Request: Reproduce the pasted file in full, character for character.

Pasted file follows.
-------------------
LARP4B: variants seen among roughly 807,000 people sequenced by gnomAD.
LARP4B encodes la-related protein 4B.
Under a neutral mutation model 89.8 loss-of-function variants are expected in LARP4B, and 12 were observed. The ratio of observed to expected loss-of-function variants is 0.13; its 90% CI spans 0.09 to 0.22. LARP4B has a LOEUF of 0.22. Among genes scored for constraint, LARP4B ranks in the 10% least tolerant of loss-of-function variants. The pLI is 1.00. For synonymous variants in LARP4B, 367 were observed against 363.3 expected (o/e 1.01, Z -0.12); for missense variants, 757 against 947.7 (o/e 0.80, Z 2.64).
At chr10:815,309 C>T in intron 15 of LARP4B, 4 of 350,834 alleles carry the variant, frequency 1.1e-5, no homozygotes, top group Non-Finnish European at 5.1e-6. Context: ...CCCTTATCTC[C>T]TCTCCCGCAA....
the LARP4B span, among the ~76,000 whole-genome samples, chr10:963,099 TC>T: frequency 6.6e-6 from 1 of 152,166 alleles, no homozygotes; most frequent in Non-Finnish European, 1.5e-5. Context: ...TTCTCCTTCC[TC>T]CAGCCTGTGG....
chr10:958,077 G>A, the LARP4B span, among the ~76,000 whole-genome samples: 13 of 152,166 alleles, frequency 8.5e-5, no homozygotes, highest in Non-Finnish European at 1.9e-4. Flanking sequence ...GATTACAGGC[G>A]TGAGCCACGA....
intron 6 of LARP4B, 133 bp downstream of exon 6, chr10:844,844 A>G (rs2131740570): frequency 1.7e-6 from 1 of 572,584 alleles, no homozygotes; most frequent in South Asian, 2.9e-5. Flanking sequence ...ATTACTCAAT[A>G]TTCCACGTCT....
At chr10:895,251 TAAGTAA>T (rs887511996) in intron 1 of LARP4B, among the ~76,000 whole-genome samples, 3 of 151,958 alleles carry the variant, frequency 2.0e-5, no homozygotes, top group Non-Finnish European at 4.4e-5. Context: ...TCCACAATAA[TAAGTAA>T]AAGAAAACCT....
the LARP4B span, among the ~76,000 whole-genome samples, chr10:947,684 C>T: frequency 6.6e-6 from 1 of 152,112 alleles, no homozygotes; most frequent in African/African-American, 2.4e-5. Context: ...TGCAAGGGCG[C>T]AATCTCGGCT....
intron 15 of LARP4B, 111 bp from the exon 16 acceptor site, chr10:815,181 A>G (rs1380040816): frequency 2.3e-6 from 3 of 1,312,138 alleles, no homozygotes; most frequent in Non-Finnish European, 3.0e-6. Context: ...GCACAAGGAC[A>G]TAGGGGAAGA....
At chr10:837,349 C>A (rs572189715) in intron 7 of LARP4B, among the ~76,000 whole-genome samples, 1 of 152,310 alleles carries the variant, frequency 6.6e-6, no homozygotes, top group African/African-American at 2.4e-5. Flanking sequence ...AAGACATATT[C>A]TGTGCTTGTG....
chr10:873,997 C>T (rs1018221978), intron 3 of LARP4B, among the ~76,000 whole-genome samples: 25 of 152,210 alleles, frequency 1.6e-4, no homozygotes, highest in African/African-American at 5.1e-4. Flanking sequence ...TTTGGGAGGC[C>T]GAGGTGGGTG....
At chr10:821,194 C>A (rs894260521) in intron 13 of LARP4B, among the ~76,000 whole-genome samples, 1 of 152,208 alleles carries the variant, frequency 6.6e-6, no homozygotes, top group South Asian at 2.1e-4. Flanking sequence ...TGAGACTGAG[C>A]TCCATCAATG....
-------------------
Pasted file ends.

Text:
LARP4B: variants seen among roughly 807,000 people sequenced by gnomAD.
LARP4B encodes la-related protein 4B.
Under a neutral mutation model 89.8 loss-of-function variants are expected in LARP4B, and 12 were observed. The ratio of observed to expected loss-of-function variants is 0.13; its 90% CI spans 0.09 to 0.22. LARP4B has a LOEUF of 0.22. Among genes scored for constraint, LARP4B ranks in the 10% least tolerant of loss-of-function variants. The pLI is 1.00. For synonymous variants in LARP4B, 367 were observed against 363.3 expected (o/e 1.01, Z -0.12); for missense variants, 757 against 947.7 (o/e 0.80, Z 2.64).
At chr10:815,309 C>T in intron 15 of LARP4B, 4 of 350,834 alleles carry the variant, frequency 1.1e-5, no homozygotes, top group Non-Finnish European at 5.1e-6. Context: ...CCCTTATCTC[C>T]TCTCCCGCAA....
the LARP4B span, among the ~76,000 whole-genome samples, chr10:963,099 TC>T: frequency 6.6e-6 from 1 of 152,166 alleles, no homozygotes; most frequent in Non-Finnish European, 1.5e-5. Context: ...TTCTCCTTCC[TC>T]CAGCCTGTGG....
chr10:958,077 G>A, the LARP4B span, among the ~76,000 whole-genome samples: 13 of 152,166 alleles, frequency 8.5e-5, no homozygotes, highest in Non-Finnish European at 1.9e-4. Flanking sequence ...GATTACAGGC[G>A]TGAGCCACGA....
intron 6 of LARP4B, 133 bp downstream of exon 6, chr10:844,844 A>G (rs2131740570): frequency 1.7e-6 from 1 of 572,584 alleles, no homozygotes; most frequent in South Asian, 2.9e-5. Flanking sequence ...ATTACTCAAT[A>G]TTCCACGTCT....
At chr10:895,251 TAAGTAA>T (rs887511996) in intron 1 of LARP4B, among the ~76,000 whole-genome samples, 3 of 151,958 alleles carry the variant, frequency 2.0e-5, no homozygotes, top group Non-Finnish European at 4.4e-5. Context: ...TCCACAATAA[TAAGTAA>T]AAGAAAACCT....
the LARP4B span, among the ~76,000 whole-genome samples, chr10:947,684 C>T: frequency 6.6e-6 from 1 of 152,112 alleles, no homozygotes; most frequent in African/African-American, 2.4e-5. Context: ...TGCAAGGGCG[C>T]AATCTCGGCT....
intron 15 of LARP4B, 111 bp from the exon 16 acceptor site, chr10:815,181 A>G (rs1380040816): frequency 2.3e-6 from 3 of 1,312,138 alleles, no homozygotes; most frequent in Non-Finnish European, 3.0e-6. Context: ...GCACAAGGAC[A>G]TAGGGGAAGA....
At chr10:837,349 C>A (rs572189715) in intron 7 of LARP4B, among the ~76,000 whole-genome samples, 1 of 152,310 alleles carries the variant, frequency 6.6e-6, no homozygotes, top group African/African-American at 2.4e-5. Flanking sequence ...AAGACATATT[C>A]TGTGCTTGTG....
chr10:873,997 C>T (rs1018221978), intron 3 of LARP4B, among the ~76,000 whole-genome samples: 25 of 152,210 alleles, frequency 1.6e-4, no homozygotes, highest in African/African-American at 5.1e-4. Flanking sequence ...TTTGGGAGGC[C>T]GAGGTGGGTG....
At chr10:821,194 C>A (rs894260521) in intron 13 of LARP4B, among the ~76,000 whole-genome samples, 1 of 152,208 alleles carries the variant, frequency 6.6e-6, no homozygotes, top group South Asian at 2.1e-4. Flanking sequence ...TGAGACTGAG[C>A]TCCATCAATG....